I watched a fascinating programme on the BBC recently. Essentially it asked what the Health Service could learn from other industries that would reduce the amount of mistakes caused purely by human error, particularly in stressful situations.
By comparing best practice from such sectors as diverse as The Fire Service, Aviation, to the pit teams of Formula One – the conclusion was:
Where a systemised approach was used and supported by the use of checklists, human error was reduced.
In one example, where a set of protocols for transferring a critically ill patient, post-operatively to the Intensive Care Unit was introduced, they reduced potentially fatal outcomes by 40% and all without any advancements in new drugs or technology!
We’ve all heard of the scouts motto – ‘Be prepared’, but how much thought do you put into systemically preparing for your sales meeting and customer calls? It’s not rocket science but so many sales meetings go ahead without it and are the poorer for it.
If you were to adopt a checklist approach to your pre-sales activity:
- How much could you improve your performance ?
- How much would that deliver in increased revenue across your team ?
- How much increased revenue would that deliver across your business?
So often, we take a hap hazard re-active approach to THE most important activity in our businesses.
Here are my suggestions for a pre-sales checklist which you are welcome to share.
Imagine if it was second nature for everyone in your team to follow it…just as you expect a pilot to run through their pre-flight checks.
Pre-Sales Appointment check list:
- Check client name, company details, contact number and email address. Calculate your journey time (then add 15mins). Someone once said to me ‘there is no such thing as being on-time, you are either early or late!’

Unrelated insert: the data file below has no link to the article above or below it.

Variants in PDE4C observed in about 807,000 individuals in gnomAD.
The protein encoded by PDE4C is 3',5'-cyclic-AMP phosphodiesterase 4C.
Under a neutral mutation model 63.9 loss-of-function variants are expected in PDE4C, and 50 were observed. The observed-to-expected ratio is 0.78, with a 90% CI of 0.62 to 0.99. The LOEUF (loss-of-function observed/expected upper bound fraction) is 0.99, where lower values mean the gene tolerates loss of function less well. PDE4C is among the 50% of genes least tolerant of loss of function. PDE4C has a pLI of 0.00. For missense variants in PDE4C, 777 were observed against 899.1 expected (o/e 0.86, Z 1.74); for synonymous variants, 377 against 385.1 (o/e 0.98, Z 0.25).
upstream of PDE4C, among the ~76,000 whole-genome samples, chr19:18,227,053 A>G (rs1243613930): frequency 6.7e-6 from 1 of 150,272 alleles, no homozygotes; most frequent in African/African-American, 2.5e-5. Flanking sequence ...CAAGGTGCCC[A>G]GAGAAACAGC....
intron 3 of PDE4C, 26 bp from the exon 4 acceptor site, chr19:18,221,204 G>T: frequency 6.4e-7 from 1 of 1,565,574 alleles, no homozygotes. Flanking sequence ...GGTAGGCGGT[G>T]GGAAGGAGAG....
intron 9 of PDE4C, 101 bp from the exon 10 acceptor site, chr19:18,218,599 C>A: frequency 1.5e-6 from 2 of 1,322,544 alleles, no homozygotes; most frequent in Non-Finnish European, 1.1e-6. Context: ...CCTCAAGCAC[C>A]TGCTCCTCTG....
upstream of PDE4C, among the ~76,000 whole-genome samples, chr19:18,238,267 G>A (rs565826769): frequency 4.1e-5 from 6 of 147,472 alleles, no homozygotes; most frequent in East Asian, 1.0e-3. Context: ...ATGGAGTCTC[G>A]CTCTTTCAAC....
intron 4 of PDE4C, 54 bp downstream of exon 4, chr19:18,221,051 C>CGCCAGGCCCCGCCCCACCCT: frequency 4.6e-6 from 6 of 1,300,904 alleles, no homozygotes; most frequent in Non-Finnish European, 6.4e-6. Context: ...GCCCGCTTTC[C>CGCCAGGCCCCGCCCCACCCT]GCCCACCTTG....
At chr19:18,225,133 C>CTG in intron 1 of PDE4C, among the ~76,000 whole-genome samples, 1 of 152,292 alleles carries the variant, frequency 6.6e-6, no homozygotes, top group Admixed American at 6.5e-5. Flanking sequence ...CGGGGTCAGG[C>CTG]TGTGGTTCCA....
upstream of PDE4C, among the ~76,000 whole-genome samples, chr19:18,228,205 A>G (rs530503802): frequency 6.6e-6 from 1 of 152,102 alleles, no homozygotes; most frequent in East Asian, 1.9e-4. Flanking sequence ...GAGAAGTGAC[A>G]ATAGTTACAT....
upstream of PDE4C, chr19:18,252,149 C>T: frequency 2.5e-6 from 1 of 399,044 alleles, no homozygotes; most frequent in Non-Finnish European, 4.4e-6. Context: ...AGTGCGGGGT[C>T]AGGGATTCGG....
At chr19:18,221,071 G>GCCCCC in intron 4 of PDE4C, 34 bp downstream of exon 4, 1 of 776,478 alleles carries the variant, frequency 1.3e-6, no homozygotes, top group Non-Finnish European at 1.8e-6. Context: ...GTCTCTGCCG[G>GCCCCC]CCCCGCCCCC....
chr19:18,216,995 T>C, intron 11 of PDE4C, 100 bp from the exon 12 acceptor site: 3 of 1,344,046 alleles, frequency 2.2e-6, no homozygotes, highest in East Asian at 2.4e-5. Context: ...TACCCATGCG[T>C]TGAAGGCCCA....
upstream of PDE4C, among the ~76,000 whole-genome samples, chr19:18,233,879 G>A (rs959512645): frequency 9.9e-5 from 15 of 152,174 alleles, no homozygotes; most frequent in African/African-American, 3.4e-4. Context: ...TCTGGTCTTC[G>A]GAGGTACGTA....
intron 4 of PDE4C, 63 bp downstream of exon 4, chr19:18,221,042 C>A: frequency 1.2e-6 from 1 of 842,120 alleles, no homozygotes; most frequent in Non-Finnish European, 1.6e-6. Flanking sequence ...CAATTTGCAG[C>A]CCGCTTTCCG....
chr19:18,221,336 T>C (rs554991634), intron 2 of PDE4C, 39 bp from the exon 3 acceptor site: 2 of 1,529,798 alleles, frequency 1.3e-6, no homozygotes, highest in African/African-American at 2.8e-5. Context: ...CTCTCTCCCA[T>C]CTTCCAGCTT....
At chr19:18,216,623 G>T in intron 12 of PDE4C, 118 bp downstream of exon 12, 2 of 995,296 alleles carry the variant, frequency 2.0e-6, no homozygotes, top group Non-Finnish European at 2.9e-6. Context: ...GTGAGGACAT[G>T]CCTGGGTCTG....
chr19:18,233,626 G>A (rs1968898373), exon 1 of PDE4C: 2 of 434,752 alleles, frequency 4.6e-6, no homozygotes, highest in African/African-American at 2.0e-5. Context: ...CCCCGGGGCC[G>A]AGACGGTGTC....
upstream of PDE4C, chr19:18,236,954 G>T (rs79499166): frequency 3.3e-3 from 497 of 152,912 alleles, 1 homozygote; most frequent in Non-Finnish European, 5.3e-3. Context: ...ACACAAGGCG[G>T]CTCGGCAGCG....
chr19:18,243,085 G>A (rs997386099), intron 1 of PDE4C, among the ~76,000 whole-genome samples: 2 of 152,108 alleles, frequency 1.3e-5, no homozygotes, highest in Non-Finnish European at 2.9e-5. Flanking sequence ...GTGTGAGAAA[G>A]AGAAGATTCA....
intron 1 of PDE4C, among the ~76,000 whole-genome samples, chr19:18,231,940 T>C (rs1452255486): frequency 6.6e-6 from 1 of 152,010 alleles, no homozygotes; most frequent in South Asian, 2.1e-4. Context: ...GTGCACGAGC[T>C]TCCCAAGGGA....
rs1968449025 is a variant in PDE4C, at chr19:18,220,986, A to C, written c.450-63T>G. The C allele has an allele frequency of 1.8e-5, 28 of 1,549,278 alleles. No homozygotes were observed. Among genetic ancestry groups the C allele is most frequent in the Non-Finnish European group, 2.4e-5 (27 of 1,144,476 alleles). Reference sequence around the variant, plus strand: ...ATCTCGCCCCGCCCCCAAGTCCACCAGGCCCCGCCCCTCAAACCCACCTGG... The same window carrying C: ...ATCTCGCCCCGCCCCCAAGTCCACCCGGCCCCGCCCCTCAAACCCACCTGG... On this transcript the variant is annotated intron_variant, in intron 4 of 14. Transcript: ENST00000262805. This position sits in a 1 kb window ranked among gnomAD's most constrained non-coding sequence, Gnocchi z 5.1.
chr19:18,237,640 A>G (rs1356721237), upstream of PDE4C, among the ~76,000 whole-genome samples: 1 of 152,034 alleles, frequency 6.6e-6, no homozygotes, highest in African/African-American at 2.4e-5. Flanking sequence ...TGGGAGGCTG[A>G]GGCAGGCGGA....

- Check the client record in your CRM (Client database) to read the last sales history notes, what was discussed, what was the last email, proposal, report you sent them.
- What have they responded to? If you can track email opens or other responses to marketing, it will help you detect what they might have an interest in.
- Google their business and research the latest PR, blogs or articles relating to their business, and be armed with the latest industry, company, even individual client knowledge.
- Check their digital profiles on LinkedIn, twitter and Facebook if their business is active here. If they are commenting in social media or writing articles, actively seek out opportunities to ‘like’ or retweet where relevant. If there’s an opportunity to comment, do so intelligently and with no element of sales pitch. Engage with them in this arena as a peer not a sales person.
- Ensure you, your car, your bag, your shoes, your nails and everything about you is in tip top condition.
- Pack your fully charged laptop, IPad, your brochures or samples, your order forms (if you still use them – everything we do now is managed electronically) and your business cards.
- Ensure you have the resources to make your appointment in good time, be that petrol in the car or dosh on your Oyster card etc.
- Drink a big glass of water on your journey. It sharpens the mind and will prepare you for your client encounter.
- And finally, always carry mints. No one wants to do business with someone with dog breath!
And that’s just the pre-sales check list. If you were to carry this thought through to other areas of your business, your sales process, what else would benefit from a simple checklist approach?